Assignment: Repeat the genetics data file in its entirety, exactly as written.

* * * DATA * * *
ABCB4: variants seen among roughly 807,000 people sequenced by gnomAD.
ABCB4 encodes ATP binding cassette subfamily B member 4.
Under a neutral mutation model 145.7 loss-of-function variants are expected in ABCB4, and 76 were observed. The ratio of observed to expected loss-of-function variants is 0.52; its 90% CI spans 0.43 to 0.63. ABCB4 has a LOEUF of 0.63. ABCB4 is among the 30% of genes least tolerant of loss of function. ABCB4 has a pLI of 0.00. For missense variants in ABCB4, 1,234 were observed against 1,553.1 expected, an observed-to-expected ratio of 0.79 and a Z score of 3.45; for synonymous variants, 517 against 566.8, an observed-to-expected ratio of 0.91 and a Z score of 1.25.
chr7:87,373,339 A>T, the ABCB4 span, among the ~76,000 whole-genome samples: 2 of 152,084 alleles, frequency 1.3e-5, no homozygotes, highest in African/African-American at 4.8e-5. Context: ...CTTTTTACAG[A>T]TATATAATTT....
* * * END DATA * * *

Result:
ABCB4: variants seen among roughly 807,000 people sequenced by gnomAD.
ABCB4 encodes ATP binding cassette subfamily B member 4.
Under a neutral mutation model 145.7 loss-of-function variants are expected in ABCB4, and 76 were observed. The ratio of observed to expected loss-of-function variants is 0.52; its 90% CI spans 0.43 to 0.63. ABCB4 has a LOEUF of 0.63. ABCB4 is among the 30% of genes least tolerant of loss of function. ABCB4 has a pLI of 0.00. For missense variants in ABCB4, 1,234 were observed against 1,553.1 expected, an observed-to-expected ratio of 0.79 and a Z score of 3.45; for synonymous variants, 517 against 566.8, an observed-to-expected ratio of 0.91 and a Z score of 1.25.
chr7:87,373,339 A>T, the ABCB4 span, among the ~76,000 whole-genome samples: 2 of 152,084 alleles, frequency 1.3e-5, no homozygotes, highest in African/African-American at 4.8e-5. Context: ...CTTTTTACAG[A>T]TATATAATTT....